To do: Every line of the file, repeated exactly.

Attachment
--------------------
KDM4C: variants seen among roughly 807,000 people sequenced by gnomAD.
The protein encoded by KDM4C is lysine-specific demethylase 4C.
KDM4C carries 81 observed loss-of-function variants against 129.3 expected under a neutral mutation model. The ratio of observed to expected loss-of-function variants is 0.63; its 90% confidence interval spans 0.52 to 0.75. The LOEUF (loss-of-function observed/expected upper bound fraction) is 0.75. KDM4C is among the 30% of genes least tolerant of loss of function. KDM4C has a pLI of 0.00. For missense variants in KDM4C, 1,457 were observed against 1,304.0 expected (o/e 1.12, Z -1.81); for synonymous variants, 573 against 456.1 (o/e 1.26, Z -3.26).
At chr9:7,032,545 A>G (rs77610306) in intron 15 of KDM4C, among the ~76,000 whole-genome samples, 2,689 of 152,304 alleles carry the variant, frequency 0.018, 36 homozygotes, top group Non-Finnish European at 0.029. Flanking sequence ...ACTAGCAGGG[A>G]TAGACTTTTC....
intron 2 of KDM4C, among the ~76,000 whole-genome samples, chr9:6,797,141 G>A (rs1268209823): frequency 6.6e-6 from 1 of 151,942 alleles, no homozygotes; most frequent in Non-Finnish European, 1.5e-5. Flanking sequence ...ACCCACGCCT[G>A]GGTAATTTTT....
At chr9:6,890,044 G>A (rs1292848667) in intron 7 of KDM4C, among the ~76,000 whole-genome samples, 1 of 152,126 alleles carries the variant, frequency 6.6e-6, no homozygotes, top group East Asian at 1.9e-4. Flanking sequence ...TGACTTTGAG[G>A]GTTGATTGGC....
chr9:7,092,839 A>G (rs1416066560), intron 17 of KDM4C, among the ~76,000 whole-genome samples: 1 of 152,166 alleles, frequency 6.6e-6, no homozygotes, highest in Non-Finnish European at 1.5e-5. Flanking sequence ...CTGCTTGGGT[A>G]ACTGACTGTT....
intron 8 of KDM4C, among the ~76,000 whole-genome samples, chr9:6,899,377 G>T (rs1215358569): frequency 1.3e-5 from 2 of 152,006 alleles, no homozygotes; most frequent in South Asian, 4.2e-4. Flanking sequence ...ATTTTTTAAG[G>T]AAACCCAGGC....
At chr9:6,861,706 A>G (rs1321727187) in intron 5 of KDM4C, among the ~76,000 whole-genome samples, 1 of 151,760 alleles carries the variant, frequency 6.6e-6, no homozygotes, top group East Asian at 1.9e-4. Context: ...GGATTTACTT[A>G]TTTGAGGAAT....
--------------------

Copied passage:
KDM4C: variants seen among roughly 807,000 people sequenced by gnomAD.
The protein encoded by KDM4C is lysine-specific demethylase 4C.
KDM4C carries 81 observed loss-of-function variants against 129.3 expected under a neutral mutation model. The ratio of observed to expected loss-of-function variants is 0.63; its 90% confidence interval spans 0.52 to 0.75. The LOEUF (loss-of-function observed/expected upper bound fraction) is 0.75. KDM4C is among the 30% of genes least tolerant of loss of function. KDM4C has a pLI of 0.00. For missense variants in KDM4C, 1,457 were observed against 1,304.0 expected (o/e 1.12, Z -1.81); for synonymous variants, 573 against 456.1 (o/e 1.26, Z -3.26).
At chr9:7,032,545 A>G (rs77610306) in intron 15 of KDM4C, among the ~76,000 whole-genome samples, 2,689 of 152,304 alleles carry the variant, frequency 0.018, 36 homozygotes, top group Non-Finnish European at 0.029. Flanking sequence ...ACTAGCAGGG[A>G]TAGACTTTTC....
intron 2 of KDM4C, among the ~76,000 whole-genome samples, chr9:6,797,141 G>A (rs1268209823): frequency 6.6e-6 from 1 of 151,942 alleles, no homozygotes; most frequent in Non-Finnish European, 1.5e-5. Flanking sequence ...ACCCACGCCT[G>A]GGTAATTTTT....
At chr9:6,890,044 G>A (rs1292848667) in intron 7 of KDM4C, among the ~76,000 whole-genome samples, 1 of 152,126 alleles carries the variant, frequency 6.6e-6, no homozygotes, top group East Asian at 1.9e-4. Flanking sequence ...TGACTTTGAG[G>A]GTTGATTGGC....
chr9:7,092,839 A>G (rs1416066560), intron 17 of KDM4C, among the ~76,000 whole-genome samples: 1 of 152,166 alleles, frequency 6.6e-6, no homozygotes, highest in Non-Finnish European at 1.5e-5. Flanking sequence ...CTGCTTGGGT[A>G]ACTGACTGTT....
intron 8 of KDM4C, among the ~76,000 whole-genome samples, chr9:6,899,377 G>T (rs1215358569): frequency 1.3e-5 from 2 of 152,006 alleles, no homozygotes; most frequent in South Asian, 4.2e-4. Flanking sequence ...ATTTTTTAAG[G>T]AAACCCAGGC....
At chr9:6,861,706 A>G (rs1321727187) in intron 5 of KDM4C, among the ~76,000 whole-genome samples, 1 of 151,760 alleles carries the variant, frequency 6.6e-6, no homozygotes, top group East Asian at 1.9e-4. Context: ...GGATTTACTT[A>G]TTTGAGGAAT....